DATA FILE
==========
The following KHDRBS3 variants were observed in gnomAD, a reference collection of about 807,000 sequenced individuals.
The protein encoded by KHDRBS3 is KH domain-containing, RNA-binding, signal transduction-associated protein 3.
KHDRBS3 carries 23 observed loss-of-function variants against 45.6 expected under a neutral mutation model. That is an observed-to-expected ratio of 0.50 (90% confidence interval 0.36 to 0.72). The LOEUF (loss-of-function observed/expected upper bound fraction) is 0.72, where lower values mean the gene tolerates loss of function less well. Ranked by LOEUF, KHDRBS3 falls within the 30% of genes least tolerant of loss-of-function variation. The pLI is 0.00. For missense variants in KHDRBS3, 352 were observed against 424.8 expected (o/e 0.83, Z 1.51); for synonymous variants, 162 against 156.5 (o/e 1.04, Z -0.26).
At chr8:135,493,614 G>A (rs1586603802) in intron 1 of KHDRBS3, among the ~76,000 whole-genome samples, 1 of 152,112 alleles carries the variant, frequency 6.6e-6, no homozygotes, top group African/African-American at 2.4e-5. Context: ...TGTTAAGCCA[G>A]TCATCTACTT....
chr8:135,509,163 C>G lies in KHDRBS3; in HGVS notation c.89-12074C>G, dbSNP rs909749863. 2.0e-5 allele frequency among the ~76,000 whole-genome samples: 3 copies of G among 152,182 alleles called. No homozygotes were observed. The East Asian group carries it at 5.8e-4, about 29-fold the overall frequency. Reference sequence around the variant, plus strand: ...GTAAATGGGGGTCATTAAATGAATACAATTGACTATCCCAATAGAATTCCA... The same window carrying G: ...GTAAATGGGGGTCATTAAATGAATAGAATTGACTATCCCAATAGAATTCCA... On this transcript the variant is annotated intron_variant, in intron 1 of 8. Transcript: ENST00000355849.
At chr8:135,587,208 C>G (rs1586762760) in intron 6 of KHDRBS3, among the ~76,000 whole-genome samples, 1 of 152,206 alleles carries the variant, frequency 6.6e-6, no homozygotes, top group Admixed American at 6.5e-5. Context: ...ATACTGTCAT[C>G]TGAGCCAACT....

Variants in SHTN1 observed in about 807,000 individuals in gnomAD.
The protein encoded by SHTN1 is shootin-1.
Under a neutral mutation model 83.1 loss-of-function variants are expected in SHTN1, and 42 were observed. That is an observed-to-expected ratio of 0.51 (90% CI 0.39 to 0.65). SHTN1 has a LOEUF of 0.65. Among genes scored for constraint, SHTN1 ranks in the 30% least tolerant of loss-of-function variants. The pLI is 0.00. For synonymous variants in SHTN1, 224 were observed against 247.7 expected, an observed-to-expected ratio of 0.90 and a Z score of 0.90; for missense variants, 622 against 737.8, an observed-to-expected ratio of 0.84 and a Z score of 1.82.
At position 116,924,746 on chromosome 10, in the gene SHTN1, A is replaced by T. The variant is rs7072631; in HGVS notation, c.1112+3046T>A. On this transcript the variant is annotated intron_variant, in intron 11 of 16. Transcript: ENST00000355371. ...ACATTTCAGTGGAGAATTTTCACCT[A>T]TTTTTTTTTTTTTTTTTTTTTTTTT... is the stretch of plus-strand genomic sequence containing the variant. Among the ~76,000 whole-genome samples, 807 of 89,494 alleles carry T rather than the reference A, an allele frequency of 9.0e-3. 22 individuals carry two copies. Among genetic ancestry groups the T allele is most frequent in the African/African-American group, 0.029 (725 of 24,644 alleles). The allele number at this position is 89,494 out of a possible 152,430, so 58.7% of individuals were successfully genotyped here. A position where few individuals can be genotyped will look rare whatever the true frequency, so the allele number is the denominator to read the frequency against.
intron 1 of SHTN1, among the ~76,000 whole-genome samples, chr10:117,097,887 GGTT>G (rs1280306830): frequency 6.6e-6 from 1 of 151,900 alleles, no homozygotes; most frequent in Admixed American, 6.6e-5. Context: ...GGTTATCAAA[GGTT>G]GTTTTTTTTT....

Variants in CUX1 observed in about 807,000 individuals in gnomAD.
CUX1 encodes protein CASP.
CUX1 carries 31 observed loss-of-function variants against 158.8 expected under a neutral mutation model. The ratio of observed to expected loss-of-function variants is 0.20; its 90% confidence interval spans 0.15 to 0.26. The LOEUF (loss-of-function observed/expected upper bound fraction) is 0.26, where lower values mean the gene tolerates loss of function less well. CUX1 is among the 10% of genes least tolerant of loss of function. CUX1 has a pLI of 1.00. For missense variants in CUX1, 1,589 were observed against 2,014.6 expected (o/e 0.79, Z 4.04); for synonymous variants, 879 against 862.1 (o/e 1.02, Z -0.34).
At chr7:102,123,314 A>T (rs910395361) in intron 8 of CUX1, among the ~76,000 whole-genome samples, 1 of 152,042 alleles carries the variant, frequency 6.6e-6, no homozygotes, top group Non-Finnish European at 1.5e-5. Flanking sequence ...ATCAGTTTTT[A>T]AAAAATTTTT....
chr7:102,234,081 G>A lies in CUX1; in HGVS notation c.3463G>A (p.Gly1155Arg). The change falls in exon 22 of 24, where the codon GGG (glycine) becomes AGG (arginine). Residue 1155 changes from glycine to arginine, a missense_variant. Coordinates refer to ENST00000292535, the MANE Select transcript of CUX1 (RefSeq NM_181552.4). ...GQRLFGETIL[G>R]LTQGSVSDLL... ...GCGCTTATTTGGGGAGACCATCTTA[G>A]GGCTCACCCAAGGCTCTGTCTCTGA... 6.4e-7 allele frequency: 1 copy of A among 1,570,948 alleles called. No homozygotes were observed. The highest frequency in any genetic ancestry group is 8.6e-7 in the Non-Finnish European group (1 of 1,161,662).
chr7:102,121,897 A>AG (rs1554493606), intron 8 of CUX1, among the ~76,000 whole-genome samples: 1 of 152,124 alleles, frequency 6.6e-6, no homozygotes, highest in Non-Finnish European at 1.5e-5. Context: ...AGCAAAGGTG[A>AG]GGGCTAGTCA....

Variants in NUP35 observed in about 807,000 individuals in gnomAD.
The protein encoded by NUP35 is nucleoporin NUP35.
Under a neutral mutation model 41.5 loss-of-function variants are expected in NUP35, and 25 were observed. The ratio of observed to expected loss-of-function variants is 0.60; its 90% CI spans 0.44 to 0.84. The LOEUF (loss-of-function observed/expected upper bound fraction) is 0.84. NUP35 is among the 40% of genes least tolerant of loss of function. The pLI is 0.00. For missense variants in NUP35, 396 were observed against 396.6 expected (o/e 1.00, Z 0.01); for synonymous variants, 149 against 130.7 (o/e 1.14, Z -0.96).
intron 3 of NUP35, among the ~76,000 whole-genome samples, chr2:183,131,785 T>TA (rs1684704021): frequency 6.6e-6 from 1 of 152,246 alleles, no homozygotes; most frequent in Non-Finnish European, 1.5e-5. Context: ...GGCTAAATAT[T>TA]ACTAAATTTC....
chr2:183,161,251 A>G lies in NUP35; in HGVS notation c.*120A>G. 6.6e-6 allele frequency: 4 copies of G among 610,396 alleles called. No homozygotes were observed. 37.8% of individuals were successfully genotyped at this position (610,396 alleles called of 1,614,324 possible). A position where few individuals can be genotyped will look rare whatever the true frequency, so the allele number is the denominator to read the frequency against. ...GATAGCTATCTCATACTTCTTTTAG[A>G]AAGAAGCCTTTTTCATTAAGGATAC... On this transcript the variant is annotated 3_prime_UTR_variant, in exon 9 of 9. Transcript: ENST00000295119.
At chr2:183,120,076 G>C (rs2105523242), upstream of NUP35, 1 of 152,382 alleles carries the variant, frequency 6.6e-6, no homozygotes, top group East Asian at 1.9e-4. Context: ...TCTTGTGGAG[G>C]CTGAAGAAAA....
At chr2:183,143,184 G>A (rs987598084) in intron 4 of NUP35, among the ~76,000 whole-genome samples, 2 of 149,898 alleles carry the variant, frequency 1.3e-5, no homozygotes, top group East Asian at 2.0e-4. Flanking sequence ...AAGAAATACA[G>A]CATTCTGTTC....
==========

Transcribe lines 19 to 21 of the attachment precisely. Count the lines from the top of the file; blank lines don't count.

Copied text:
The protein encoded by NUP35 is nucleoporin NUP35.
Under a neutral mutation model 41.5 loss-of-function variants are expected in NUP35, and 25 were observed. The ratio of observed to expected loss-of-function variants is 0.60; its 90% CI spans 0.44 to 0.84. The LOEUF (loss-of-function observed/expected upper bound fraction) is 0.84. NUP35 is among the 40% of genes least tolerant of loss of function. The pLI is 0.00. For missense variants in NUP35, 396 were observed against 396.6 expected (o/e 1.00, Z 0.01); for synonymous variants, 149 against 130.7 (o/e 1.14, Z -0.96).
intron 3 of NUP35, among the ~76,000 whole-genome samples, chr2:183,131,785 T>TA (rs1684704021): frequency 6.6e-6 from 1 of 152,246 alleles, no homozygotes; most frequent in Non-Finnish European, 1.5e-5. Context: ...GGCTAAATAT[T>TA]ACTAAATTTC....